# Contents of /trunk/doc/user/firststep.tex

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Fri Mar 3 03:33:07 2006 UTC (14 years, 9 months ago) by lkettle
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I have changed some of the documentation and added more explanations for
the online reference guide for esys13. I have modified two of the
example source codes to write out the results for Helmholtz problem and
changed one variable name in the diffusion.py code to avoid confusion.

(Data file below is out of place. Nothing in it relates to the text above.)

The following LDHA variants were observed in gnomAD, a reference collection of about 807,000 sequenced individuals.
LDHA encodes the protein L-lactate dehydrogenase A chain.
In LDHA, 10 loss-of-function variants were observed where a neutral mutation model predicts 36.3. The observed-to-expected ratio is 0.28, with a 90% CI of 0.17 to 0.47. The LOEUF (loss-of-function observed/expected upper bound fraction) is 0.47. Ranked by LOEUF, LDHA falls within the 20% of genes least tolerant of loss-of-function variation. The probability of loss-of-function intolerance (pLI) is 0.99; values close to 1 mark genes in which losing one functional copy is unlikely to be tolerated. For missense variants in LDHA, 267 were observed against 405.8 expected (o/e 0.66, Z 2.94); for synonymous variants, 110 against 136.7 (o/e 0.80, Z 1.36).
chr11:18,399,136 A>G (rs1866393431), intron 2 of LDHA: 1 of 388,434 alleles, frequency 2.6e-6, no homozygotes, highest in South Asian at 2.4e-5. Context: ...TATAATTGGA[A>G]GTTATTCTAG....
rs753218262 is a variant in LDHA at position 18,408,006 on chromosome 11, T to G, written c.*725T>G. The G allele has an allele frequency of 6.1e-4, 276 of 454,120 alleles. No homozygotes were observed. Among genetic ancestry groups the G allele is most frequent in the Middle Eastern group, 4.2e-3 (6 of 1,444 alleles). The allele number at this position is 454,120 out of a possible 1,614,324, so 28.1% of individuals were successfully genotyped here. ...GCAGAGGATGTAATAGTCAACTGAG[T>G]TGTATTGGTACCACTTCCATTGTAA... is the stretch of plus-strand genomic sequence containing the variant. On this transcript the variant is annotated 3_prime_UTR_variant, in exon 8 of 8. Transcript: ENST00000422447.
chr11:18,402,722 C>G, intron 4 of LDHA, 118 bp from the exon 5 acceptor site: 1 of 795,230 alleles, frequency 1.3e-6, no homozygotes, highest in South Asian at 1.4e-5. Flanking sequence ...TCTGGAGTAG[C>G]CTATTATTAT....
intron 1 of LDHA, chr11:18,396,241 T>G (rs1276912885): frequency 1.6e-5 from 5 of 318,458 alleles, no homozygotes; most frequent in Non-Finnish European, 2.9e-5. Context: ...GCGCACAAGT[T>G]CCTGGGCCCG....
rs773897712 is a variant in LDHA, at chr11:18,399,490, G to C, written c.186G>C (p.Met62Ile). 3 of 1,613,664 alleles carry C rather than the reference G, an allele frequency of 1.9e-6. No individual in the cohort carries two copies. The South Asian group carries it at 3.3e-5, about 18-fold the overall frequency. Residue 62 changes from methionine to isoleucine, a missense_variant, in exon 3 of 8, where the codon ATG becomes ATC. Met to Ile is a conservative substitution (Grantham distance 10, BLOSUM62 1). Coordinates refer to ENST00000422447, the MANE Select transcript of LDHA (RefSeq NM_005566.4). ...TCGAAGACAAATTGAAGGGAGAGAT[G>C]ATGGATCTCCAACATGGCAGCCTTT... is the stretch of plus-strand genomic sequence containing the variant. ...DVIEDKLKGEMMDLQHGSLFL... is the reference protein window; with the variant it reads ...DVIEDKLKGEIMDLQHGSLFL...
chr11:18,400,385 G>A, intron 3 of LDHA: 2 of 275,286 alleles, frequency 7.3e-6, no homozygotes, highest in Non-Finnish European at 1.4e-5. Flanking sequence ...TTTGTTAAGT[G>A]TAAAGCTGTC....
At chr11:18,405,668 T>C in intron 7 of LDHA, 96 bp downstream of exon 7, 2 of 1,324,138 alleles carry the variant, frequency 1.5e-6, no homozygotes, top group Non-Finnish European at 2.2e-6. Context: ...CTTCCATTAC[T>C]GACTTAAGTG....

1 % $Id$ 2 3 \section{The First Steps} 4 \label{FirstSteps} 5 6 \begin{figure} 7 \centerline{\includegraphics[width=\figwidth]{FirstStepDomain}} 8 \caption{Domain $\Omega=[0,1]^2$ with outer normal field $n$.} 9 \label{fig:FirstSteps.1} 10 \end{figure} 11 12 In this chapter we will give an introduction how to use \escript to solve 13 a partial differential equation \index{partial differential equation} (PDE \index{partial differential equation!PDE}). The reader should be familiar with Python. The knowledge presented at the Python tutorial at \url{http://docs.python.org/tut/tut.html} 14 is sufficient. It is helpful if the reader has some basic knowledge of PDEs \index{partial differential equation}. 15 16 The PDE \index{partial differential equation} we wish to solve is the Poisson equation \index{Poisson equation} 17 \begin{equation} 18 -\Delta u =f 19 \label{eq:FirstSteps.1} 20 \end{equation} 21 for the solution $u$. The function $f$ is the given right hand side. The domain of interest, denoted by $\Omega$ 22 is the unit square 23 \begin{equation} 24 \Omega=[0,1]^2=\{ (x\hackscore 0;x\hackscore 1) | 0\le x\hackscore{0} \le 1 \mbox{ and } 0\le x\hackscore{1} \le 1 \} 25 \label{eq:FirstSteps.1b} 26 \end{equation} 27 The domain is shown in \fig{fig:FirstSteps.1}. 28 29 $\Delta$ denotes the Laplace operator\index{Laplace operator} which is defined by 30 \begin{equation} 31 \Delta u = (u\hackscore {,0})\hackscore{,0}+(u\hackscore{,1})\hackscore{,1} 32 \label{eq:FirstSteps.1.1} 33 \end{equation} 34 where, for any function $w$ and any direction $i$, $u\hackscore{,i}$ 35 denotes the partial derivative \index{partial derivative} of $u$ with respect to $i$. 36 \footnote{Some readers 37 may be more familiar with the Laplace operator\index{Laplace operator} being written 38 as $\nabla^2$, and written in the form 39 \begin{equation*} 40 \nabla^2 u = \nabla^t \cdot \nabla u = \frac{\partial^2 u}{\partial x\hackscore 0^2} 41 + \frac{\partial^2 u}{\partial x\hackscore 1^2} 42 \end{equation*} 43 and \eqn{eq:FirstSteps.1} as 44 \begin{equation*} 45 -\nabla^2 u = f 46 \end{equation*} 47 } 48 Basically, in the subindex of a function, any index to the left of the comma denotes a spatial derivative with respect 49 to the index. To get a more compact form we will write $w\hackscore{,ij}=(w\hackscore {,i})\hackscore{,j}$ 50 which leads to 51 \begin{equation} 52 \Delta u = u\hackscore{,00}+u\hackscore{,11}=\sum\hackscore{i=0}^2 u\hackscore{,ii} 53 \label{eq:FirstSteps.1.1b} 54 \end{equation} 55 In some cases, and we will see examples for this in the next chapter, 56 the usage of the nested $\sum$ symbols blows up the formulas and therefore 57 it is convenient to use the Einstein summation convention \index{summation convention}. This 58 drops the $\sum$ sign and assumes that a summation over a repeated index is performed 59 ("repeated index means summation"). For instance we write 60 \begin{eqnarray} 61 x\hackscore{i}y\hackscore{i}=\sum\hackscore{i=0}^2 x\hackscore{i}y\hackscore{i} \\ 62 x\hackscore{i}u\hackscore{,i}=\sum\hackscore{i=0}^2 x\hackscore{i}u\hackscore{,i} \\ 63 u\hackscore{,ii}=\sum\hackscore{i=0}^2 u\hackscore{,ii} \\ 64 x\hackscore{ij}u\hackscore{i,j}=\sum\hackscore{j=0}^2\sum\hackscore{i=0}^2 x\hackscore{ij}u\hackscore{i,j} \\ 65 \label{eq:FirstSteps.1.1c} 66 \end{eqnarray} 67 With the summation convention we can write the Poisson equation \index{Poisson equation} as 68 \begin{equation} 69 - u\hackscore{,ii} =1 70 \label{eq:FirstSteps.1.sum} 71 \end{equation} 72 where $f=1$ in this example. 73 74 On the boundary of the domain $\Omega$ the normal derivative $n\hackscore{i} u\hackscore{,i}$ 75 of the solution $u$ shall be zero, ie. $u$ shall fulfill 76 the homogeneous Neumann boundary condition\index{Neumann 77 boundary condition!homogeneous} 78 \begin{equation} 79 n\hackscore{i} u\hackscore{,i}= 0 \;. 80 \label{eq:FirstSteps.2} 81 \end{equation} 82 $n=(n\hackscore{i})$ denotes the outer normal field 83 of the domain, see \fig{fig:FirstSteps.1}. Remember that we 84 are applying the Einstein summation convention \index{summation convention}, i.e 85 $n\hackscore{i} u\hackscore{,i}= n\hackscore{0} u\hackscore{,0} + 86 n\hackscore{1} u\hackscore{,1}$. 87 \footnote{Some readers may familiar with the notation 88 \begin{equation*} 89 \frac{\partial u}{\partial n} = n\hackscore{i} u\hackscore{,i} 90 \end{equation*} 91 for the normal derivative.} 92 The Neumann boundary condition of \eqn{eq:FirstSteps.2} should be fulfilled on the 93 set $\Gamma^N$ which is the top and right edge of the domain: 94 \begin{equation} 95 \Gamma^N=\{(x\hackscore 0;x\hackscore 1) \in \Omega | x\hackscore{0}=1 \mbox{ or } x\hackscore{1}=1 \} 96 \label{eq:FirstSteps.2b} 97 \end{equation} 98 On the bottom and the left edge of the domain which is defined 99 as 100 \begin{equation} 101 \Gamma^D=\{(x\hackscore 0;x\hackscore 1) \in \Omega | x\hackscore{0}=0 \mbox{ or } x\hackscore{1}=0 \} 102 \label{eq:FirstSteps.2c} 103 \end{equation} 104 the solution shall be identically zero: 105 \begin{equation} 106 u=0 \; . 107 \label{eq:FirstSteps.2d} 108 \end{equation} 109 This kind of boundary condition is called a homogeneous Dirichlet boundary condition 110 \index{Dirichlet boundary condition!homogeneous}. The partial differential equation in \eqn{eq:FirstSteps.1.sum} together 111 with the Neumann boundary condition \eqn{eq:FirstSteps.2} and 112 Dirichlet boundary condition in \eqn{eq:FirstSteps.2d} form a so 113 called boundary value 114 problem\index{boundary value problem} (BVP\index{boundary value problem!BVP}) for 115 the unknown 116 function $u$. 117 118 119 \begin{figure} 120 \centerline{\includegraphics[width=\figwidth]{FirstStepMesh}} 121 \caption{Mesh of $4 \time 4$ elements on a rectangular domain. Here 122 each element is a quadrilateral and described by four nodes, namely 123 the corner points. The solution is interpolated by a bi-linear 124 polynomial.} 125 \label{fig:FirstSteps.2} 126 \end{figure} 127 128 In general the BVP\index{boundary value problem!BVP} cannot be solved analytically and numerical 129 methods have to be used construct an approximation of the solution 130 $u$. Here we will use the finite element method\index{finite element 131 method} (FEM\index{finite element 132 method!FEM}). The basic idea is to fill the domain with a 133 set of points called nodes. The solution is approximated by its 134 values on the nodes\index{finite element 135 method!nodes}. Moreover, the domain is subdivided into smaller 136 sub-domains called elements \index{finite element 137 method!element}. On each element the solution is 138 represented by a polynomial of a certain degree through its values at 139 the nodes located in the element. The nodes and its connection through 140 elements is called a mesh\index{finite element 141 method!mesh}. \fig{fig:FirstSteps.2} shows an 142 example of a FEM mesh with four elements in the $x_0$ and four elements 143 in the $x_1$ direction over the unit square. 144 For more details we refer the reader to the literature, for instance 145 \Ref{Zienc,NumHand}. 146 147 \escript provides the class \Poisson to define a Poisson equation \index{Poisson equation}. 148 (We will discuss a more general form of a PDE \index{partial differential equation!PDE} 149 that can be defined through the \LinearPDE class later). The instantiation of 150 a \Poisson class object requires the specification of the domain $\Omega$. In \escript 151 the \Domain class objects are used to describe the geometry of a domain but it also 152 contains information about the discretization methods and the actual solver which is used 153 to solve the PDE. Here we are using the FEM library \finley \index{finite element 154 method}. The following statements create the \Domain object \var{mydomain} from the 155 \finley method \method{Rectangle} 156 \begin{python} 157 from esys.finley import Rectangle 158 mydomain = Rectangle(l0=1.,l1=1.,n0=40, n1=20) 159 \end{python} 160 In this case the domain is a rectangle with the lower, left corner at point $(0,0)$ and 161 the right, upper corner at $(\var{l0},\var{l1})=(1,1)$. 162 The arguments \var{n0} and \var{n1} define the number of elements in $x\hackscore{0}$ and 163 $x\hackscore{1}$-direction respectively. For more details on \method{Rectangle} and 164 other \Domain generators within the \finley module, 165 see \Chap{CHAPTER ON FINLEY}. 166 167 The following statements define the \Poisson class object \var{mypde} with domain \var{mydomain} and 168 the right hand side $f$ of the PDE to constant $1$: 169 \begin{python} 170 from esys.escript.linearPDEs import Poisson 171 mypde = Poisson(mydomain) 172 mypde.setValue(f=1) 173 \end{python} 174 We have not specified any boundary condition but the 175 \Poisson class implicitly assumes homogeneous Neuman boundary conditions \index{Neumann 176 boundary condition!homogeneous} defined by \eqn{eq:FirstSteps.2}. With this boundary 177 condition the BVP\index{boundary value problem!BVP} we have defined has no unique solution. In fact, with any solution $u$ 178 and any constant $C$ the function $u+C$ becomes a solution as well. We have to add 179 a Dirichlet boundary condition \index{Dirichlet boundary condition}. This is done 180 by defining a characteristic function \index{characteristic function} 181 which has positive values at locations $x=(x\hackscore{0},x\hackscore{1})$ where Dirichlet boundary condition is set 182 and $0$ elsewhere. In our case of $\Gamma^D$ defined by \eqn{eq:FirstSteps.2c}, 183 we need to construct a function \var{gammaD} which is positive for the cases $x\hackscore{0}=0$ or $x\hackscore{1}=0$. To get 184 an object \var{x} which represents locations in the domain one uses 185 \begin{python} 186 x=mydomain.getX() 187 \end{python} 188 In fact \var{x} is a \Data object which we will learn more about in Chapter~\ref{X}. At this stage we only have to know 189 that \var{x} has a 190 191 In the first statement, the method \method{getX} of the \Domain \var{mydomain} 192 gives access to locations 193 in the domain defined by \var{mydomain}. The object \var{x} is actually a \Data object which is 194 discussed in Chpater\ref{X} in more details. What we need to know here is that 195 \var{x} has \Rank (=number of dimensions) and a \Shape (=tuple of dimensions) which can be checked by 196 calling the \method{getRank} and \method{getShape} methods: 197 \begin{python} 198 print "rank ",x.getRank(),", shape ",x.getShape() 199 \end{python} 200 will print something like 201 \begin{python} 202 rank 1, shape (2,) 203 \end{python} 204 The \Data object also maintains type information which is represented by the 205 \FunctionSpace of the object. For instance 206 \begin{python} 207 print x.getFunctionSpace() 208 \end{python} 209 will print 210 \begin{python} 211 Function space type: Finley_Nodes on FinleyMesh 212 \end{python} 213 which tells us that the coordinates are stored on the nodes of a \finley mesh. 214 To get the $x\hackscore{0}$ coordinates of the locations we use the 215 statement 216 \begin{python} 217 x0=x 218 \end{python} 219 Object \var{x0} 220 is again a \Data object now with \Rank $0$ and 221 \Shape $()$. It inherits the \FunctionSpace from \var{x}: 222 \begin{python} 223 print x0.getRank(),x0.getShape(),x0.getFunctionSpace() 224 \end{python} 225 will print 226 \begin{python} 227 0 () Function space type: Finley_Nodes on FinleyMesh 228 \end{python} 229 We can now construct the function \var{gammaD} by 230 \begin{python} 231 from esys.escript import whereZero 232 gammaD=whereZero(x)+whereZero(x) 233 \end{python} 234 where 235 \code{whereZero(x)} creates function which equals $1$ where \code{x} is (allmost) equal to zero 236 and $0$ elsewhere. 237 Similarly, \code{whereZero(x)} creates function which equals $1$ where \code{x} is 238 equal to zero and $0$ elsewhere. 239 The sum of the results of \code{whereZero(x)} and \code{whereZero(x)} 240 gives a function on the domain \var{mydomain} which is exactly positive where $x\hackscore{0}$ or $x\hackscore{1}$ is equal to zero. 241 Note that \var{gammaD} has the same \Rank, \Shape and \FunctionSpace like \var{x0} used to define it. So from 242 \begin{python} 243 print gammaD.getRank(),gammaD.getShape(),gammaD.getFunctionSpace() 244 \end{python} 245 one gets 246 \begin{python} 247 0 () Function space type: Finley_Nodes on FinleyMesh 248 \end{python} 249 The additional parameter \var{q} of the \code{setValue} method of the \Poisson class defines the 250 characteristic function \index{characteristic function} of the locations 251 of the domain where homogeneous Dirichlet boundary condition \index{Dirichlet boundary condition!homogeneous} 252 are set. The complete definition of our example is now: 253 \begin{python} 254 from esys.linearPDEs import Poisson 255 x = mydomain.getX() 256 gammaD = whereZero(x)+whereZero(x) 257 mypde = Poisson(domain=mydomain) 258 mypde.setValue(f=1,q=gammaD) 259 \end{python} 260 The first statement imports the \Poisson class definition from the \linearPDEs module \escript package. 261 To get the solution of the Poisson equation defined by \var{mypde} we just have to call its 262 \method{getSolution}. 263 264 Now we can write the script to solve our test problem (Remember that 265 lines starting with '\#' are comment lines in Python) (available as \file{poisson.py} 266 in the \ExampleDirectory): 267 \begin{python} 268 from esys.escript import * 269 from esys.escript.linearPDEs import Poisson 270 from esys.finley import Rectangle 271 # generate domain: 272 mydomain = Rectangle(l0=1.,l1=1.,n0=40, n1=20) 273 # define characteristic function of Gamma^D 274 x = mydomain.getX() 275 gammaD = whereZero(x)+whereZero(x) 276 # define PDE and get its solution u 277 mypde = Poisson(domain=mydomain) 278 mypde.setValue(f=1,q=gammaD) 279 u = mypde.getSolution() 280 # write u to an external file 281 saveVTK("u.xml",sol=u) 282 \end{python} 283 The last statement writes the solution tagged with the name "sol" to the external file \file{u.xml} in 284 \VTK file format. \VTK is a software library 285 for the visualization of scientific, engineering and analytical data and is freely available 286 from \url{http://www.vtk.org}. There are a variety of graphical user interfaces 287 for \VTK available, for instance \mayavi which can be downloaded from \url{http://mayavi.sourceforge.net/} but is also available on most 288 \LINUX distributions. 289 290 \begin{figure} 291 \centerline{\includegraphics[width=\figwidth]{FirstStepResult.eps}} 292 \caption{Visualization of the Poisson Equation Solution for $f=1$} 293 \label{fig:FirstSteps.3} 294 \end{figure} 295 296 You can edit the script file using your favourite text editor (or the Integrated DeveLopment Environment IDLE 297 for Python, see \url{http://idlefork.sourceforge.net}). If the script file has the name \file{poisson.py} \index{scripts!\file{poisson.py}} you can run the 298 script from any shell using the command: 299 \begin{python} 300 python poisson.py 301 \end{python} 302 After the script has (hopefully successfully) been completed you will find the file \file{u.xml} in the current 303 directory. An easy way to visualize the results is the command 304 \begin{python} 305 mayavi -d u.xml -m SurfaceMap & 306 \end{python} 307 to show the results, see \fig{fig:FirstSteps.3}.